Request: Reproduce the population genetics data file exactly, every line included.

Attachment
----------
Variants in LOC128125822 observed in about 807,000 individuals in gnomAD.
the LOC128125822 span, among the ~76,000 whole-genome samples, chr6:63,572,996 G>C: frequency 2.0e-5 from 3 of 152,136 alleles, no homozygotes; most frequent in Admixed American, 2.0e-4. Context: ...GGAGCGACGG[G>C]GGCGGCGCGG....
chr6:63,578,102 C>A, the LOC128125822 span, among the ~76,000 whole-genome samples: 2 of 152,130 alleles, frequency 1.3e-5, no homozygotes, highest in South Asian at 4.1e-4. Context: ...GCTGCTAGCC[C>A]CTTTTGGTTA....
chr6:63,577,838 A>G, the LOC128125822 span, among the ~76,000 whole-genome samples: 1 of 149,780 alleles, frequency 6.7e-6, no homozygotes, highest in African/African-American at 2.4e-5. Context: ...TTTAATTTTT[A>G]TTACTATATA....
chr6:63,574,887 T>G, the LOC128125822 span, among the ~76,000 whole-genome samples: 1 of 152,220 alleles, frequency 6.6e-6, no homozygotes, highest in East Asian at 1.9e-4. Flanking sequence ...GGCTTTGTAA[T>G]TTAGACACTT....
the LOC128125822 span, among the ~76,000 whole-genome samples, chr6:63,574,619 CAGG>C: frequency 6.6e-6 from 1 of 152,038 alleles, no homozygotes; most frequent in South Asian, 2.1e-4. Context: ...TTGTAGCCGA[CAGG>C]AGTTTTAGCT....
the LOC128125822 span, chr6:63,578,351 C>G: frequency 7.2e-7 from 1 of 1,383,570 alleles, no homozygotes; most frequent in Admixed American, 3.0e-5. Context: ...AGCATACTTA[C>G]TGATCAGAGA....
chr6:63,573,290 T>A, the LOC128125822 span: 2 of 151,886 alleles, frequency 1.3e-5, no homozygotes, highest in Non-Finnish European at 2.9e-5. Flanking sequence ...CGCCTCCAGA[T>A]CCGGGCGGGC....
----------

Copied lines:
Variants in LOC128125822 observed in about 807,000 individuals in gnomAD.
the LOC128125822 span, among the ~76,000 whole-genome samples, chr6:63,572,996 G>C: frequency 2.0e-5 from 3 of 152,136 alleles, no homozygotes; most frequent in Admixed American, 2.0e-4. Context: ...GGAGCGACGG[G>C]GGCGGCGCGG....
chr6:63,578,102 C>A, the LOC128125822 span, among the ~76,000 whole-genome samples: 2 of 152,130 alleles, frequency 1.3e-5, no homozygotes, highest in South Asian at 4.1e-4. Context: ...GCTGCTAGCC[C>A]CTTTTGGTTA....
chr6:63,577,838 A>G, the LOC128125822 span, among the ~76,000 whole-genome samples: 1 of 149,780 alleles, frequency 6.7e-6, no homozygotes, highest in African/African-American at 2.4e-5. Context: ...TTTAATTTTT[A>G]TTACTATATA....
chr6:63,574,887 T>G, the LOC128125822 span, among the ~76,000 whole-genome samples: 1 of 152,220 alleles, frequency 6.6e-6, no homozygotes, highest in East Asian at 1.9e-4. Flanking sequence ...GGCTTTGTAA[T>G]TTAGACACTT....
the LOC128125822 span, among the ~76,000 whole-genome samples, chr6:63,574,619 CAGG>C: frequency 6.6e-6 from 1 of 152,038 alleles, no homozygotes; most frequent in South Asian, 2.1e-4. Context: ...TTGTAGCCGA[CAGG>C]AGTTTTAGCT....
the LOC128125822 span, chr6:63,578,351 C>G: frequency 7.2e-7 from 1 of 1,383,570 alleles, no homozygotes; most frequent in Admixed American, 3.0e-5. Context: ...AGCATACTTA[C>G]TGATCAGAGA....
chr6:63,573,290 T>A, the LOC128125822 span: 2 of 151,886 alleles, frequency 1.3e-5, no homozygotes, highest in Non-Finnish European at 2.9e-5. Flanking sequence ...CGCCTCCAGA[T>A]CCGGGCGGGC....